R: Also the popularity of his predecessors was very strong. John Paul II experienced world-wide success and not only during the years of his illness. Also Benedict XVI between 2007 and 2008, reached the highest levels in the polls, even if this has been forgotten.  His trip to the United States was the peak, where he received a great  welcome even from secular public opinion.
Q: And so what’s the difference?
R: That the predecessors were mostly popular inside the Church, even if they were harshly criticized from strongholds of non-Catholic public opinion. Whereas Francis’ popularity is more conspicuous outside the Church, even if it isn’t eliciting waves of conversions. Actually, with him there seems to be a certain pleasure in outside culture, even hostile, to Christianity.


Q: In what sense?
R: In seeing the Head of the Church shifting towards their positions, which he seems to understand and even accept. The repeated conversations with Eugenio Scalfari illustrate this: the Pope accepts Scalfari (once the toughest opponent of pontiffs) publishing anything he wants from these conversations.

Q: In fact, Scalfari himself stated that he had published things that Bergoglio hadn’t said.
R: Exactly. But, in all of this, he hasn’t drawn near to Christianity. The Christianity from the mouth of Bergoglio is no longer provocative, does not create problems as in the past, it can be treated with courtesy, superiority and detachment.  Christianity matters less. You only need to look at the Prime Minster, Matteo Renzi, a Catholic. He doesn’t care a whit about what the Italian Episcopal Conference is doing.  In other words, we have passed from a situation of confrontation and conflict to one of disinterest.  

Q: Pope Francis has been silent about the Muslim world.  Also the Secretary of State, Pietro Parolin was very prudent intervening recently at the United Nations. Some speak of great caution and, when they do, they cite Benedict XVI’s lecture at Regensburg, which incited reactions and even deaths.  
R: It’s caution pushed to extremes though.  Concretely, I don’t see any advantage to it.  It seems to me that it hasn’t resulted in any help, even minimal or partial, for the Christians in those regions. Caution is understandable, if it’s measured in proportion to the effect. It’s valid if it produces lesser damage. The situation reminds me of the silences of Pius XII on the Jews.  
Q:  Historical controversy, also recent…
R: Pope Pacelli did everything he could to save the Israelites, even at personal cost in the Vatican; now we know this. But he hesitated in open condemnations, fearing the same thing would happen as in Holland, where, after the condemnations of some bishops, worse persecutions followed.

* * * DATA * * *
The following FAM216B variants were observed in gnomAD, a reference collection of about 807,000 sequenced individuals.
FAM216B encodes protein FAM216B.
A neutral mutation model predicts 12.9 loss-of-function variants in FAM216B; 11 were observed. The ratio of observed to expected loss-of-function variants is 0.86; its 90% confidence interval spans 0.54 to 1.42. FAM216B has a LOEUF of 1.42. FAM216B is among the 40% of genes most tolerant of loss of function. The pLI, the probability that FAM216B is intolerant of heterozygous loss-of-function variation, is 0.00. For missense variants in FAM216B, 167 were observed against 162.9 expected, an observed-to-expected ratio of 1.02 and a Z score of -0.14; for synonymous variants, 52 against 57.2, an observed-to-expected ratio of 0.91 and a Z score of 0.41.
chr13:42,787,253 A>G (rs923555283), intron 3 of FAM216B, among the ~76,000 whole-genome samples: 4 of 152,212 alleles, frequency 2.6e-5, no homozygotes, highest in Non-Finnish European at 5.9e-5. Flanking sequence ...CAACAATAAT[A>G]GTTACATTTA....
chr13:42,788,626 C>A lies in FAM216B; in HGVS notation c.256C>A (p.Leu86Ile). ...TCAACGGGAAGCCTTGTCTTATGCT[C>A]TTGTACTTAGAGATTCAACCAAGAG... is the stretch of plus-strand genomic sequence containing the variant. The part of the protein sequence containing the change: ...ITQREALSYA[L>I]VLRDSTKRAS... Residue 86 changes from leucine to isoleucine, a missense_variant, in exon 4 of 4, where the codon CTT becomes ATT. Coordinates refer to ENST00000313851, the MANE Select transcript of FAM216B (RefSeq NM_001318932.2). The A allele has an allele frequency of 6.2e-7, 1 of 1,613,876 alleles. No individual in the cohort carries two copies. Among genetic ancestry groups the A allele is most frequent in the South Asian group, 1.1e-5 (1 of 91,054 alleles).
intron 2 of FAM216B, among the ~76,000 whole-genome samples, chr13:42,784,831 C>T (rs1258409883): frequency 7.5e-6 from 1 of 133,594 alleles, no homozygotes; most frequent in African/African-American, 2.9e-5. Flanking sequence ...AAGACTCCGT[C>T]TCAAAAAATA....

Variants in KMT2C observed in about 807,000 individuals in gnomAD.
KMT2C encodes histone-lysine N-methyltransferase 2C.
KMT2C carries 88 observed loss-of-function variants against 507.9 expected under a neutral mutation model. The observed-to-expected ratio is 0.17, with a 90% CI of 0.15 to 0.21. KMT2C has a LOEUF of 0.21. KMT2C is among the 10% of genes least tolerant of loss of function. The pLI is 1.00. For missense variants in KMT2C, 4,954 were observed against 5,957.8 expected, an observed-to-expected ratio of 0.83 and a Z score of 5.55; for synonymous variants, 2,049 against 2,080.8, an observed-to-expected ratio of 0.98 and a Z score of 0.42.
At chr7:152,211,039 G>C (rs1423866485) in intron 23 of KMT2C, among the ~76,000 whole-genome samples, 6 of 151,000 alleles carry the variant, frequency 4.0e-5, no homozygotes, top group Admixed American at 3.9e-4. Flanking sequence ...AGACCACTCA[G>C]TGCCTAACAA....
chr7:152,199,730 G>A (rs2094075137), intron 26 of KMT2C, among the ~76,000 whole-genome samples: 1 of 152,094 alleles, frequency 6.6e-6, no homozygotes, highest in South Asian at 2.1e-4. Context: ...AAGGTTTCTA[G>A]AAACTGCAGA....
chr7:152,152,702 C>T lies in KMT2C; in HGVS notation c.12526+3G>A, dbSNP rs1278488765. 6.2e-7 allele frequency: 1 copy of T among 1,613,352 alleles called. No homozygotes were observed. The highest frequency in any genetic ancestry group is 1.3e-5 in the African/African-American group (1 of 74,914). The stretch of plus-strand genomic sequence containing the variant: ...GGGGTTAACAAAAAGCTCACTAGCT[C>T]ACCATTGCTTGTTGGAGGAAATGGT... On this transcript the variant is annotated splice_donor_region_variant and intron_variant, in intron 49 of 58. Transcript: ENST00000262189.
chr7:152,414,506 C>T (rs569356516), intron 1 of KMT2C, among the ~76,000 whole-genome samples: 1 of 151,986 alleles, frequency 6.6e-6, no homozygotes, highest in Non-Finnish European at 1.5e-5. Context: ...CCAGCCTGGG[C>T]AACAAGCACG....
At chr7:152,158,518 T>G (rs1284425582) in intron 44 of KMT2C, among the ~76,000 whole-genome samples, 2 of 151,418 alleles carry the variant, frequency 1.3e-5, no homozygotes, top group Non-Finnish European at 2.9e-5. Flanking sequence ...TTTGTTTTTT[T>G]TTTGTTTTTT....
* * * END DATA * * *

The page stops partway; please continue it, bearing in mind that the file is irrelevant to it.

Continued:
Q: But this silence continues.
R: Apart from Cardinal Jean Louis Tauran, Prefect for Inter-religious Dialogue, who is unsparing in his stern condemnations.
Q: And the point is?
R: We have a power like ISIS and we are too fast in saying that Islam has nothing to do with it; that they are instead nurtured by radical Islam, which doesn’t resolve the question of rationality and the relationship between faith and violence. That is exactly what Pope Ratzinger had addressed in Regensburg. In fact the only true dialogue between Christianity and Islam came about after that lecture with the subsequent letter to the 138 Islamic scholars.
Q: Even if the visit to the Sultan Ahmed Mosque in Istanbul a year later, was thought of as an amend by Benedict XVI.
R: Ratzinger was able to do that because he had said those things at Regensburg. His criticism was not enigmatic. It was well understood. He was crystal-clear.


Q: And is Francis clear?
R: At times, no. When he was in Bethlehem, he stopped in front of the wall that partitions the territory from Israel and stood there in absolute silence: we don’t know what he meant by this.  And in Lampedusa when he shouted “Shame!” it wasn’t clear who should be ashamed and what they should be ashamed of.  Italy? That has saved thousands and thousands of lives? Why doesn’t he say it then?  Often there are words and actions that are purposely left open-ended.
Q: We have no time to talk about Vatican issues, like the case of Ettore Gotti Tedeschi who was removed from the IOR by Cardinal Tarcisio Bertone, but whose honesty has been repeatedly demonstrated. Even from the dismissal of the case by the Italian Judiciary.  
R: He has been denied reinstatement. He had asked for a meeting with the Pope but was refused it.
Q: The “field-hospital” Church then sometimes has its doors bolted
R: That’s the way it is.
[Translation: Contributor Francesca Romana. Main points added between brackets in translation to identify major portions of the interview. / Source, in Italian / Update note: thanks to S. Magister for linking to our translation of his interview in his personal blog.]